Types Of Figs, History Of Figs: Have Some Figs For National Fig Week - The Nibble Webzine Of Food Adventures Types Of Figs, History Of Figs: Have Some Figs For National Fig Week
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Types Of Figs, History Of Figs: Have Some Figs For National Fig Week

Roasted Figs
[1] Honey-roasted figs are a delicious dessert. You can serve them with goat cheese or mascarpone (photo © Melissa’s).

Brown Turkey Figs
[2] Brown Turkey figs, a popular variety (photo © Good Eggs).

Fig Fondue
[3] Fig fondue (photo © California Figs).

[4] Ham and fig sandwich with arugula (photo ©
The Model Bakery | St. Helena, California).

  Figs are such a delicious fruit; but how often do you eat them? For inspiration, we have a delicious fig dessert recipe below, as well as the different types of figs and the history of figs. The first week in November is a good excuse to have your fill: It’s National Fig Week.

  • Figs for breakfast: Serve with oatmeal and other cereals, with cottage cheese and yogurt. Add them to muffins and scones, make or buy fig jam.
  • Figs at lunch: Add figs to green salads, protein salads (greens with chicken, salmon, etc.) and grain salads.
  • Figs as snacks: Grab-and-go, slice into trail mix, add to oatmeal cookies, dip in chocolate, make snack skewers with cheese cubes and grapes or other fruits.
  • Fig cocktails: Check out these recipes.
  • Figs as appetizers: Stuff figs with goat cheese or mascarpone (dip the open ends in chopped pistachios), wrap them in prosciutto or bacon. Serve them with a cheese plate.
  • Figs for dinner: Roast figs with meat: chicken, lamb, pork. When they cook in the pan juices, they add a sweet note to a pan sauces. Add whole dates to stews. Dip them in cheese fondue.
  • Figs for dessert: Make fig ice cream, cake or tarts (serve with crème fraîche). Add figs to a rice pudding and compote. Soak them in Grand Marnier or other liqueur and use as a dessert garnish, including with ice cream and sorbet. Dip them in chocolate fondue.

    Buy whatever is plumpest and most visually appealing. Or, buy as many varieties as you can find, and have a comparison tasting.

    In the U.S., commonly-found varieties include:

  • Black Mission Figs: smallish, with dense pink flesh heavily studded with seeds that give a pleasant crunch.
  • Brown Turkey Figs: Pear-shaped, with maple-brown skin. Those with tender skin that bruises easily will be soft and velvety, sweet and juicy.
  • Calimyrna Figs: Often found dried, it is outstanding as a fresh fruit. The large fruits split with ripeness, and taste of honey, jam, and butterscotch. If you find them only semi-ripe supermarket figs, grill them, which brings out caramel notes.
  • Kadota Figs: The most common type of green fig, Kadotas have a mild sweet flavor, and are famous for being the filling in Fig Newton cookies.
  • King Figs: This cold-weather fig is largely grown in the Pacific Northwest. It is a teardrop-shaped, green-skinned fig and has dark purple. Shop at farmers markets or natural foods groceries for the best bet at finding truly ripe King figs.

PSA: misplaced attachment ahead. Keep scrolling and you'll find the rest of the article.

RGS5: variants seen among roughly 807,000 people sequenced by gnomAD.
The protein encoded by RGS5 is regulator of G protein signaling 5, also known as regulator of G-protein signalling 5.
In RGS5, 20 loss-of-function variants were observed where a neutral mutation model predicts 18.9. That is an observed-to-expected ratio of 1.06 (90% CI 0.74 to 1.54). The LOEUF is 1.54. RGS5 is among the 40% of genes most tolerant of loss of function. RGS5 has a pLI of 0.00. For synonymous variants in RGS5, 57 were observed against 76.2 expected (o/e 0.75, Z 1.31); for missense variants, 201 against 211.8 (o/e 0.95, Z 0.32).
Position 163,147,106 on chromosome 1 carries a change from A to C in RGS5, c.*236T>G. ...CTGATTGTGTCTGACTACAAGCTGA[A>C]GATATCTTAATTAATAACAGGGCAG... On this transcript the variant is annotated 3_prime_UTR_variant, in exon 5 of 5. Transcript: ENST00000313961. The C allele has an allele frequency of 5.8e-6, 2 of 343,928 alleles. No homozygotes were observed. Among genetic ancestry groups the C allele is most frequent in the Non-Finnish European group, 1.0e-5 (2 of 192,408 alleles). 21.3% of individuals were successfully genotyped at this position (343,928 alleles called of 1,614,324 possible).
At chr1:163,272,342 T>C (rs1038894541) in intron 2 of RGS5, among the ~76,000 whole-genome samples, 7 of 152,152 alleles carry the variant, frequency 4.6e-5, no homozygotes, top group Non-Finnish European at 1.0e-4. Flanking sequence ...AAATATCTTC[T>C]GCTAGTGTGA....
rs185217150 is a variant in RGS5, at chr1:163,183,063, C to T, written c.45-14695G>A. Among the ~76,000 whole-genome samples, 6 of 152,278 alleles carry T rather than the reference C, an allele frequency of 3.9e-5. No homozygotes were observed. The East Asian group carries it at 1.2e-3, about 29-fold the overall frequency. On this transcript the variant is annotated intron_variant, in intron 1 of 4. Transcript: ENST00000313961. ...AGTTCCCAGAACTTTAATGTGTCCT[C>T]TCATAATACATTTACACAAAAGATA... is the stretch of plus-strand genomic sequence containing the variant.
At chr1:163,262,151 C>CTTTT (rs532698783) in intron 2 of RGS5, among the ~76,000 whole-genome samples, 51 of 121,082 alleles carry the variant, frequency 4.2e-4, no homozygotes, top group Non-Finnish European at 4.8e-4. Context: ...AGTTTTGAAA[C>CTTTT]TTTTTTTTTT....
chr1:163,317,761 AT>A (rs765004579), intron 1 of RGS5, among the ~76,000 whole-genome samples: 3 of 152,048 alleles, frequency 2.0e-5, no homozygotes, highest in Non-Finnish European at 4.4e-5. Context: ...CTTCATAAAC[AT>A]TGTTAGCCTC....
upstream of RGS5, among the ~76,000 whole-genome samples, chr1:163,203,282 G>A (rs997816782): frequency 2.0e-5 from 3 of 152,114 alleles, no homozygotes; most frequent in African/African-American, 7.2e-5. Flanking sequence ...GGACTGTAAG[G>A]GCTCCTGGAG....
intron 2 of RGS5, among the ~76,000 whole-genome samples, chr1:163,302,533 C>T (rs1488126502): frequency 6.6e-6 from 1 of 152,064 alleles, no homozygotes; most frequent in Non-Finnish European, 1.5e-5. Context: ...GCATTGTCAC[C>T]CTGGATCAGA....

• Sierra Figs: A green-skinned fig, the Sierra is also a new variety, introduced by breeders in 2006. It resembles the Calimyrna: The fruits are large and round, ideal for slicing open and serving by the half.

    Wild figs have grown in Africa, the Mediterranean, West Asia, and South Asia beginning around 100 million years ago, during the time of the dinosaurs.

    Many primates eat wild figs, and the first humans ate them as well. They discovered that figs could be dried and stored as winter staples.

    By about 11,000 years ago, people in West Asia had begun to farm fig trees. Farmed figs may be the first kind of food that anybody farmed, even before wheat and barley (the other contender is dates).

    In hot climates, fig trees produce two crops every year. The leaves of the fig tree are also edible.



    This variation of classic roasted figs was created by Chef Ida Rodriguez of Melissa’s Special Produce.

    Serve it with a glass of muscat or other dessert wine.

  • 1 tablespoon butter
  • 16 small figs slightly over ripe
  • 5 tablespoons granulated sugar
  • 2 tablespoons muscat wine or other good quality dessert wine
  • 1/2 cup pecans
  • 1 tablespoon honey
  • 4 teaspoons lemon juice
  • Black pepper
  • 1/2 cup crème fraîche

    1. PREHEAT the oven to 400°F, setting a rack in the center. Coat a shallow baking dish with the butter and place figs in it, stem up. Sprinkle with 4 tablespoons of the sugar and add the wine.

    2. BAKE in a preheated oven for 20 minutes, basting occasionally.

    3. ADD the pecans and sprinkle them with the remaining tablespoon of sugar. Lower oven temperature to 300°F and bake 6 to 8 minutes longer.

    4. TRANSFER the figs and pecans carefully to a serving dish. Add the honey to the cooking juices, and cook over low heat to blend. Spoon the syrup over figs and sprinkle with lemon juice and pepper.

    5. SET aside to cool and then refrigerate. Serve cold with crème fraîche.


    [5] Roast figs with pecans and honey (photo © Karcich | Dreamstime).

    [6] Fig tree (photo © Serjan Midili | Unsplash).






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